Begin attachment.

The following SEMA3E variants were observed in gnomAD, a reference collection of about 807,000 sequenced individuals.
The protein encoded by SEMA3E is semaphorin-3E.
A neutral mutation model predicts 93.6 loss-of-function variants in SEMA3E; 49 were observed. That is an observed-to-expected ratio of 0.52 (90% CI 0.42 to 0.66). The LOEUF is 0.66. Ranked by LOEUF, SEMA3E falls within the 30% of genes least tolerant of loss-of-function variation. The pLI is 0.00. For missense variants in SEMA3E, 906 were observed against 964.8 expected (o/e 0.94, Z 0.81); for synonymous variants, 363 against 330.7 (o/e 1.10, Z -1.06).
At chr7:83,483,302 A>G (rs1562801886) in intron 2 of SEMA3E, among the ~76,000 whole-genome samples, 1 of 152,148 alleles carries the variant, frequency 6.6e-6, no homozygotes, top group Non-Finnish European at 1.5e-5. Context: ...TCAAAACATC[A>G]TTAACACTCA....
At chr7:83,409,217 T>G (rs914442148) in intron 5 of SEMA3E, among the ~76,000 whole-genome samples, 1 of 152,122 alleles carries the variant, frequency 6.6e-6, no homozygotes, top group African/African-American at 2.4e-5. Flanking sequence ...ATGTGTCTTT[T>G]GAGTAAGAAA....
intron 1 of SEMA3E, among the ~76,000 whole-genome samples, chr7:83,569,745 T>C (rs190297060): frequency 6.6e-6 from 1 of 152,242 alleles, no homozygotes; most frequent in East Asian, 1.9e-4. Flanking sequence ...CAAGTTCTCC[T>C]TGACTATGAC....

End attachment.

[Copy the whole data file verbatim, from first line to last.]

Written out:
The following SEMA3E variants were observed in gnomAD, a reference collection of about 807,000 sequenced individuals.
The protein encoded by SEMA3E is semaphorin-3E.
A neutral mutation model predicts 93.6 loss-of-function variants in SEMA3E; 49 were observed. That is an observed-to-expected ratio of 0.52 (90% CI 0.42 to 0.66). The LOEUF is 0.66. Ranked by LOEUF, SEMA3E falls within the 30% of genes least tolerant of loss-of-function variation. The pLI is 0.00. For missense variants in SEMA3E, 906 were observed against 964.8 expected (o/e 0.94, Z 0.81); for synonymous variants, 363 against 330.7 (o/e 1.10, Z -1.06).
At chr7:83,483,302 A>G (rs1562801886) in intron 2 of SEMA3E, among the ~76,000 whole-genome samples, 1 of 152,148 alleles carries the variant, frequency 6.6e-6, no homozygotes, top group Non-Finnish European at 1.5e-5. Context: ...TCAAAACATC[A>G]TTAACACTCA....
At chr7:83,409,217 T>G (rs914442148) in intron 5 of SEMA3E, among the ~76,000 whole-genome samples, 1 of 152,122 alleles carries the variant, frequency 6.6e-6, no homozygotes, top group African/African-American at 2.4e-5. Flanking sequence ...ATGTGTCTTT[T>G]GAGTAAGAAA....
intron 1 of SEMA3E, among the ~76,000 whole-genome samples, chr7:83,569,745 T>C (rs190297060): frequency 6.6e-6 from 1 of 152,242 alleles, no homozygotes; most frequent in East Asian, 1.9e-4. Flanking sequence ...CAAGTTCTCC[T>C]TGACTATGAC....